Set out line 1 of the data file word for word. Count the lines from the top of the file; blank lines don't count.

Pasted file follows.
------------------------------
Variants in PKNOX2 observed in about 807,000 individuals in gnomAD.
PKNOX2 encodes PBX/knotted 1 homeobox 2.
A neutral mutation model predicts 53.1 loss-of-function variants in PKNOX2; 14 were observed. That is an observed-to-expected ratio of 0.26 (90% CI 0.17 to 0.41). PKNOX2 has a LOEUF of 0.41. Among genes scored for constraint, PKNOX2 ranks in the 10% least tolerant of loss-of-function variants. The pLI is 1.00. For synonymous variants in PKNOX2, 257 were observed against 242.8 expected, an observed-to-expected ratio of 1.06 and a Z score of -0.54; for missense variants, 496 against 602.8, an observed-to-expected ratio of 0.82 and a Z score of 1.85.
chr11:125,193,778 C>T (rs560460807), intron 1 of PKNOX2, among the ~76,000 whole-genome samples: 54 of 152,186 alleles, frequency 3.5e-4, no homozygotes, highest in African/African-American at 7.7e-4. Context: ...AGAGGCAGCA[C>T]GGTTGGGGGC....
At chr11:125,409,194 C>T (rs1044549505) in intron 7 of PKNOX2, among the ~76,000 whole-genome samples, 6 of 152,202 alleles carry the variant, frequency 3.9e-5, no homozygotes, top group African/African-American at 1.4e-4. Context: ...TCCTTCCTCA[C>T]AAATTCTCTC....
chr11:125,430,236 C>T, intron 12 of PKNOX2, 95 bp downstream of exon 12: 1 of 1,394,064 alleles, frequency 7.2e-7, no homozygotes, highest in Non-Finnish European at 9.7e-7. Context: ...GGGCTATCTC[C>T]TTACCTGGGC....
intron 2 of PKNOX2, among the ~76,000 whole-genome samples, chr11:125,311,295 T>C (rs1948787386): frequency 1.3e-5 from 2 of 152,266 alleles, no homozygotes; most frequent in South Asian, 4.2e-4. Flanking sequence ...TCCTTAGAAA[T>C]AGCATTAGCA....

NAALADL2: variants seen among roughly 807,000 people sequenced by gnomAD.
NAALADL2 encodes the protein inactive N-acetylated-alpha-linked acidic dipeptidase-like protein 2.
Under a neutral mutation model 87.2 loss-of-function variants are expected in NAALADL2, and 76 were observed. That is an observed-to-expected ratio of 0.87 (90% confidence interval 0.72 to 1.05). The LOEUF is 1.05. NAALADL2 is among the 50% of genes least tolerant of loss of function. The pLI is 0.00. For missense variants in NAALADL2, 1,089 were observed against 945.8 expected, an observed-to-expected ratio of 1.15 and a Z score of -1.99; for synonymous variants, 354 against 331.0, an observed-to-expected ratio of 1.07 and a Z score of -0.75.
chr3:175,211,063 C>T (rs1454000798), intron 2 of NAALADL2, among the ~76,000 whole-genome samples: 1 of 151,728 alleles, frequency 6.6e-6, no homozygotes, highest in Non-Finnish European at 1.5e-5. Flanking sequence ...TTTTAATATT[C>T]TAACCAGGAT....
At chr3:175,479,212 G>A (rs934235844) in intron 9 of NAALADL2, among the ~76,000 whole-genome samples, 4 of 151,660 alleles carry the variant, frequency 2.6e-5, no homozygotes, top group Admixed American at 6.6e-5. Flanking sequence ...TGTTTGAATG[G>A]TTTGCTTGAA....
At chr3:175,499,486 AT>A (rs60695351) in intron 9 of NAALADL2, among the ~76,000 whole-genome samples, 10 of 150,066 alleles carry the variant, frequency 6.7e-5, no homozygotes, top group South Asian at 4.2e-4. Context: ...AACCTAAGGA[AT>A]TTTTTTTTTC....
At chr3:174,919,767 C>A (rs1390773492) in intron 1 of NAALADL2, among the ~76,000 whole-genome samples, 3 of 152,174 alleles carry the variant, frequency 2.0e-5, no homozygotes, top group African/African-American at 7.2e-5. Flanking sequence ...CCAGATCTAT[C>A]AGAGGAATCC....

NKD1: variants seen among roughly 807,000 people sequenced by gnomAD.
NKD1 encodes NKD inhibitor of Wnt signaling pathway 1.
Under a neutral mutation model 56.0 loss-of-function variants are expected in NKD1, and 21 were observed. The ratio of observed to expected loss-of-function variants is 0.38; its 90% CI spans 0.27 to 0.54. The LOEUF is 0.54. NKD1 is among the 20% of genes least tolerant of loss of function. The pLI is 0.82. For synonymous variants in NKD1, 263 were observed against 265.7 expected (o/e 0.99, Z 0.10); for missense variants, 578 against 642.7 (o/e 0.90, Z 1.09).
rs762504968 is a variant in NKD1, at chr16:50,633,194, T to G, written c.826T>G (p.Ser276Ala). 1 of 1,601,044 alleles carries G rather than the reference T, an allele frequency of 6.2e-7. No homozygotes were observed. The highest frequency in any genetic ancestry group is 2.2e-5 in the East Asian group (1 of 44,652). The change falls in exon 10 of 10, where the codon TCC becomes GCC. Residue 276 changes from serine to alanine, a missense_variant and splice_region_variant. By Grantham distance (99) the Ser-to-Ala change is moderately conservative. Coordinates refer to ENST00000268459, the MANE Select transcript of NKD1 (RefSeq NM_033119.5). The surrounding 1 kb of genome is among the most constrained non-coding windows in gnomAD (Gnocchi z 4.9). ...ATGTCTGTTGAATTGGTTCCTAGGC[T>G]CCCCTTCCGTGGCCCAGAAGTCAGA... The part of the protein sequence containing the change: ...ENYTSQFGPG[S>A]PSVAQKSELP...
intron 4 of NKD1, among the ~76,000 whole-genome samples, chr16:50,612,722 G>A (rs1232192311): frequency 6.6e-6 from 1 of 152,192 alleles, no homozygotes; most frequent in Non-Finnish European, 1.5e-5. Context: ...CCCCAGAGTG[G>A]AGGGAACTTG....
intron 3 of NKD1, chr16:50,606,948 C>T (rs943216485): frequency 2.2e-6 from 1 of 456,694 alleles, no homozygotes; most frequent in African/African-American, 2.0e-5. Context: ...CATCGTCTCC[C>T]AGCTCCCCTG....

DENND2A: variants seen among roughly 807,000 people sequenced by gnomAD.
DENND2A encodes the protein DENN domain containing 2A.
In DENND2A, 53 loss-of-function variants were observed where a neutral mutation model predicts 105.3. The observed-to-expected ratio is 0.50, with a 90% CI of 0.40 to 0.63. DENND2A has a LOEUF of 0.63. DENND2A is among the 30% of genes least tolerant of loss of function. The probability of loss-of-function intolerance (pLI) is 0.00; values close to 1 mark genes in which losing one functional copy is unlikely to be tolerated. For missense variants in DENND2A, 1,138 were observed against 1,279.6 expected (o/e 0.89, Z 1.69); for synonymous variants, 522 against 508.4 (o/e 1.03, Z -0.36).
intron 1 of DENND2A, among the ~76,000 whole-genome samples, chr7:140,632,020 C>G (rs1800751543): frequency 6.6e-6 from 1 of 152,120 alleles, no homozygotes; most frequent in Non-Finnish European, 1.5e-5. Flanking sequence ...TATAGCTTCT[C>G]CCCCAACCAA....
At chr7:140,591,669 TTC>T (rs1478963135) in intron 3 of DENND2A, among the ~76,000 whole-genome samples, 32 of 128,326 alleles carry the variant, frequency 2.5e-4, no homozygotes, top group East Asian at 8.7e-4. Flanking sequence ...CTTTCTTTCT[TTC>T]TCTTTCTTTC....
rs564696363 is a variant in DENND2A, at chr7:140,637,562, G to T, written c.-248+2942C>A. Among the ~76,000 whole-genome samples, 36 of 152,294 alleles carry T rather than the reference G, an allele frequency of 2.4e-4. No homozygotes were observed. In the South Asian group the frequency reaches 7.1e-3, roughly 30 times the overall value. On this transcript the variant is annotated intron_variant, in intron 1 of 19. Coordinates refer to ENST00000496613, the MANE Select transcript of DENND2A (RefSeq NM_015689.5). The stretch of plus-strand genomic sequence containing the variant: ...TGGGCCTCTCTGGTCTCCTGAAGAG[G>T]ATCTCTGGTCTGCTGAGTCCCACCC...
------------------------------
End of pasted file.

Variants in PKNOX2 observed in about 807,000 individuals in gnomAD.